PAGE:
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DVD Review: The Road From Coorain

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The Road From Coorain is based on the best-selling memoir by historian Jill Ker Conway and adapted by screenwriter Sue Smith (The Island). It is a brilliant coming-of-age story about the relationship between a mother and daughter. Winner of several awards, including the Logie Award for Most Outstanding Miniseries/Telemovie, The Road From Coorain was released on DVD March 2, 2010 by Acorn Media after being broadcast on PBS's Masterpiece Theater in 2002 and 2003.

Jill Ker (Katherine Slattery) was born in the 1930s on a sheep ranch in New South Wales, Australia in the middle of nowhere. Her brothers are sent to boarding school while Jill stays at Coorain. Her father teaches her to work and love the land while her mother teaches her to read, write, and love books. Jill's father Bill (Richard Roxbourgh) struggles against years of drought and his strong-willed wife, Eve (Juliet Stevenson).

After a tragedy in which Bill dies, Eve and Jill are left to deal with not only the ranch but each other. Eve refuses to sell the ranch or allow the boys to give up their education. Instead she chooses to move to the city, work two jobs, and give all three of her children an education. Her hard work pays off in that the ranch finally makes the family rich, but it comes at some horrible costs.

After the move, Jill throws herself into her school work and caring for her mother. She goes to college and becomes brilliant, but lacks the one thing she wants the most — her mother's approval. Jill struggles for years feeling trapped by a mother who will stop at nothing to keep Jill at her bidding. It all changes when Jill meets Alec Merton (Tim Guinee), her first love. Alec gives Jill the courage to want more and the strength to go after it.

Katherine Slattery (Young Lions) is fantastic as Jill. She brings an innocence that you can see in her eyes. As Jill grows you can see Slattery growing as well. Slattery expresses all the emotions with such a realness you feel as though you are watching your best friend go through all that she does. Your heart aches for Jill because Slattery has portrayed her as needing that pity and joy.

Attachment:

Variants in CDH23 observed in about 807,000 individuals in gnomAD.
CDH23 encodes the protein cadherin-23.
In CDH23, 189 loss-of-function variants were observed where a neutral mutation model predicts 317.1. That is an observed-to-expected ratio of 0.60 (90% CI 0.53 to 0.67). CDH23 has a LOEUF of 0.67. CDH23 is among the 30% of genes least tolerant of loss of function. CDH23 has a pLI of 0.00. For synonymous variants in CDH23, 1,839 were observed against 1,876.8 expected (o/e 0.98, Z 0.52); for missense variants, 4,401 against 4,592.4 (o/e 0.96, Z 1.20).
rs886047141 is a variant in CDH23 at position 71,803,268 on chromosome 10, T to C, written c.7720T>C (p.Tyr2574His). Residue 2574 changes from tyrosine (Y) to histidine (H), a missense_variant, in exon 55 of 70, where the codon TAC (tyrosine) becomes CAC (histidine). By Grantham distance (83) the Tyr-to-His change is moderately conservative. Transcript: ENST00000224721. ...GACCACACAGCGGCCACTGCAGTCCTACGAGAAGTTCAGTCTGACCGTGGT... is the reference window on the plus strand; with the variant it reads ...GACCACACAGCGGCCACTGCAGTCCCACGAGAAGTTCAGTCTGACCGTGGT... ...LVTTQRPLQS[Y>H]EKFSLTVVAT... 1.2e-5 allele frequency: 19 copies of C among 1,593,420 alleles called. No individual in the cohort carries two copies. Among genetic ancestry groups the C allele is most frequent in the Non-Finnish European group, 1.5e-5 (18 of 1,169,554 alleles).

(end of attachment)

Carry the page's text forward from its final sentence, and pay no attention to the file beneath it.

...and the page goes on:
Juliet Stevenson (Truly, Madly, Deeply) is beyond magnificent as Eve. You physically hate her at times, that is how great she is. You can see in Stevenson's face the change as Eve goes from honey to vinegar. Some of Eve's antics seem so innocent were it not for the knowing look in Stevenson's eyes. I would fear her if she was my mother.

Both Richard Roxburgh (Moulin Rouge!) and Tim Guinee (Sweet Land) are equally great. Their parts, while small, are very important. These are the two men who shape Jill's life. Roxburgh is great opposite Stevenson. They have a chemistry and yet a fear that works well. Guinee is just as great opposite both women. With Slattery he shows a gentle side but with Stevenson he is able to be her equal. The Road from Coorain is a wonderful movie, but don't forget the tissues because I promise you will need them.

Included on the DVD is a biography of Jill Ker Conway and a filmography of Juliet Stevenson.

The Road From Coorain gives you all the emotions you could ask for. I laughed, felt joy, and cried right along with all of the characters. The brilliance of this movies shines while you watch as Jill grows from an unknowing young child into a knowledgeable young woman, learning how to understand not only herself but the world around her.

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